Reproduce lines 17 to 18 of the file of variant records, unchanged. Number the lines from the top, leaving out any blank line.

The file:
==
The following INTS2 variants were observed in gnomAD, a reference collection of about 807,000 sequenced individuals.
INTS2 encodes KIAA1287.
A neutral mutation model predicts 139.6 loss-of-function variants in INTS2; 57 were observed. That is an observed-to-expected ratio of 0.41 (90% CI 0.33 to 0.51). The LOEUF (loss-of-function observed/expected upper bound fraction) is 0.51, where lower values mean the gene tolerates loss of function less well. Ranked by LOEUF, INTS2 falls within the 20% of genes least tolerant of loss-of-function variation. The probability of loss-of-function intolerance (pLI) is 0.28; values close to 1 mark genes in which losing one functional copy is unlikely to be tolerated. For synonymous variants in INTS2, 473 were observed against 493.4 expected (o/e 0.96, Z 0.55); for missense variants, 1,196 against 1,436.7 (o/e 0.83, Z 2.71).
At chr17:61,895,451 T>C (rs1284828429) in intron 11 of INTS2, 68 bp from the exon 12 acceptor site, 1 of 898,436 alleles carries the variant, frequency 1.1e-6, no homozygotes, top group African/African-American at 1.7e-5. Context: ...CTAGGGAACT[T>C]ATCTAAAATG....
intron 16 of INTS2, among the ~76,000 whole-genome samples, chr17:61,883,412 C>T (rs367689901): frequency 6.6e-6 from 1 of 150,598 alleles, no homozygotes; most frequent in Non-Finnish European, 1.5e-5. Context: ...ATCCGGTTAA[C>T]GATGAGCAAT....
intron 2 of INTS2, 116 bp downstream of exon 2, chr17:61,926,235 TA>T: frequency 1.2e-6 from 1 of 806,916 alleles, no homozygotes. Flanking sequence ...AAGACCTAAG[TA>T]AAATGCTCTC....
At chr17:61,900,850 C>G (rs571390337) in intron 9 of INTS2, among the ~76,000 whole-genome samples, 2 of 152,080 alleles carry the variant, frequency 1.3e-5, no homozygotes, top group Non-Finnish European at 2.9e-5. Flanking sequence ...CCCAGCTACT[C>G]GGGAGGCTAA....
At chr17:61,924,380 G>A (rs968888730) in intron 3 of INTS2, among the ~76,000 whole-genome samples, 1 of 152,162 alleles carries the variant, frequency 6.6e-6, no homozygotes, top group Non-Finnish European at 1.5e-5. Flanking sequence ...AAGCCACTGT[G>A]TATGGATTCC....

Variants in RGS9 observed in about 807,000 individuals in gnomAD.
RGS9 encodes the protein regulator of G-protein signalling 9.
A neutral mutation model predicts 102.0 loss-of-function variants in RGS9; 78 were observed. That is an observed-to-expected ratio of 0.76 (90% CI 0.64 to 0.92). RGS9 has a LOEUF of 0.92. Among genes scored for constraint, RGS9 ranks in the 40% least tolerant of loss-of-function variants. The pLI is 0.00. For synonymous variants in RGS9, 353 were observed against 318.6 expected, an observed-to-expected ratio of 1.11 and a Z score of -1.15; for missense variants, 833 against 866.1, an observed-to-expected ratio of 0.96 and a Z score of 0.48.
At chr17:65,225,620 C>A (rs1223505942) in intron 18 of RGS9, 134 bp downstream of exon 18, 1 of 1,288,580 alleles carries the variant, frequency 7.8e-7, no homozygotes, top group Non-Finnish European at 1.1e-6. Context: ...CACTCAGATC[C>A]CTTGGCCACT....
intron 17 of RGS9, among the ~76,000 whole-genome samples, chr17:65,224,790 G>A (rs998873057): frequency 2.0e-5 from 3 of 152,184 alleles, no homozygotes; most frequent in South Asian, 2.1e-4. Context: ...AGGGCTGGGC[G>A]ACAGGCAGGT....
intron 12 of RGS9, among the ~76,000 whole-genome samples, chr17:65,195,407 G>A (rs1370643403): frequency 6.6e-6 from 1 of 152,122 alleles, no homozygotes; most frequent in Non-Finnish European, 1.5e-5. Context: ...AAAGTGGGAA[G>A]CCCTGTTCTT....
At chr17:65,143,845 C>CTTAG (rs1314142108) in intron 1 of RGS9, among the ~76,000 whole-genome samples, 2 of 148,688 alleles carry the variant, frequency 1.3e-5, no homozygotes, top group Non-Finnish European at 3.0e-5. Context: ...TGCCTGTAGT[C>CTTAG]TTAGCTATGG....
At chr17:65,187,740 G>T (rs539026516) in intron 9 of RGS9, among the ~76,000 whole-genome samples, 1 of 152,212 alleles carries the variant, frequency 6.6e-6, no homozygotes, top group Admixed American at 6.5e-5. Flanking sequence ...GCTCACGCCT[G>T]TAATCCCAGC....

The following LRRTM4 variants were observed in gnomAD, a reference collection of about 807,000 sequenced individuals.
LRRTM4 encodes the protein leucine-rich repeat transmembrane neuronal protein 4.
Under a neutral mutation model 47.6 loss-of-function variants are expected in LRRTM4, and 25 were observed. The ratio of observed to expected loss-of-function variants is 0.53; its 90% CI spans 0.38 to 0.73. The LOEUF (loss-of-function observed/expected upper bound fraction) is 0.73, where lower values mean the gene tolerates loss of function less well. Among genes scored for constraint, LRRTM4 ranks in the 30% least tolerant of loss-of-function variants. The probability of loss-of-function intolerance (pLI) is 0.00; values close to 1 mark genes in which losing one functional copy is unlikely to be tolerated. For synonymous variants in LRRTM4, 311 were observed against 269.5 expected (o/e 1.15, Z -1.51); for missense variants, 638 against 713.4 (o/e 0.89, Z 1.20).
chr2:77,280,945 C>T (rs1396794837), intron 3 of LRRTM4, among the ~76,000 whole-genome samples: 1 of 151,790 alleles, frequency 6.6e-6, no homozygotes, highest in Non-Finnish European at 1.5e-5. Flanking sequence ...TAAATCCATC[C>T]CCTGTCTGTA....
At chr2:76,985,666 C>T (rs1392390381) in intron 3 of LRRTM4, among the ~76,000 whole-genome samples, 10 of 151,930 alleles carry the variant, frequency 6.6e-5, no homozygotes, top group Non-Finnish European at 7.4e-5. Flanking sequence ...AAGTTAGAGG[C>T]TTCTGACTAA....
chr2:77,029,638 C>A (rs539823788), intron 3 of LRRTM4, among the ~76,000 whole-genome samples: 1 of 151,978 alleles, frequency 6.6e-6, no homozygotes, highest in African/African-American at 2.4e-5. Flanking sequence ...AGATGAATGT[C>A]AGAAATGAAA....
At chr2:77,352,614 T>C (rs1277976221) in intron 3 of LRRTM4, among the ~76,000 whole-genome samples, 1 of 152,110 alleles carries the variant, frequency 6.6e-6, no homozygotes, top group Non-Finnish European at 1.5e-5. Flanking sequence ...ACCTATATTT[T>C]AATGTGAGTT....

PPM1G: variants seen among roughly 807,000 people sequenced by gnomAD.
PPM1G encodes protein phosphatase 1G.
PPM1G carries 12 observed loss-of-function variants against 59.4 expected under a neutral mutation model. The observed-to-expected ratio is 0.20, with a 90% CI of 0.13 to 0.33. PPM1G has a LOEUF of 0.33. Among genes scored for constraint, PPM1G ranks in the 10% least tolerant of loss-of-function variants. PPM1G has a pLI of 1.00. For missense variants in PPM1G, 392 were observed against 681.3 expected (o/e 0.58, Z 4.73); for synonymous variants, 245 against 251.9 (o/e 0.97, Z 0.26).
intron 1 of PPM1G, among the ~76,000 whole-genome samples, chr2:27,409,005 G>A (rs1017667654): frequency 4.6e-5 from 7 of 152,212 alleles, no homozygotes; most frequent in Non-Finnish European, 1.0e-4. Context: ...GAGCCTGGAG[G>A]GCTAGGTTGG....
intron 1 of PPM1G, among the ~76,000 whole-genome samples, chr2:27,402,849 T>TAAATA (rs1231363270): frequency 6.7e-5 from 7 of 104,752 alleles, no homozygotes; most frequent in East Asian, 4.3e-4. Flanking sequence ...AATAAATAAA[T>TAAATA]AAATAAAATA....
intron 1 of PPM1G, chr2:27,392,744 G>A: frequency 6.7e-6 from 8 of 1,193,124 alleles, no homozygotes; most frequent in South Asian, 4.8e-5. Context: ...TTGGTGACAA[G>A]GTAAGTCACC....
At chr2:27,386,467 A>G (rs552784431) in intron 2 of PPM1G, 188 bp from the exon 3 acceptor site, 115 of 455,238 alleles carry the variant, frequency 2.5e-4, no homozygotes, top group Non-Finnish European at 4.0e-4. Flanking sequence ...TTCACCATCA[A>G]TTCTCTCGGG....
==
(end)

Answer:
The following LRRTM4 variants were observed in gnomAD, a reference collection of about 807,000 sequenced individuals.
LRRTM4 encodes the protein leucine-rich repeat transmembrane neuronal protein 4.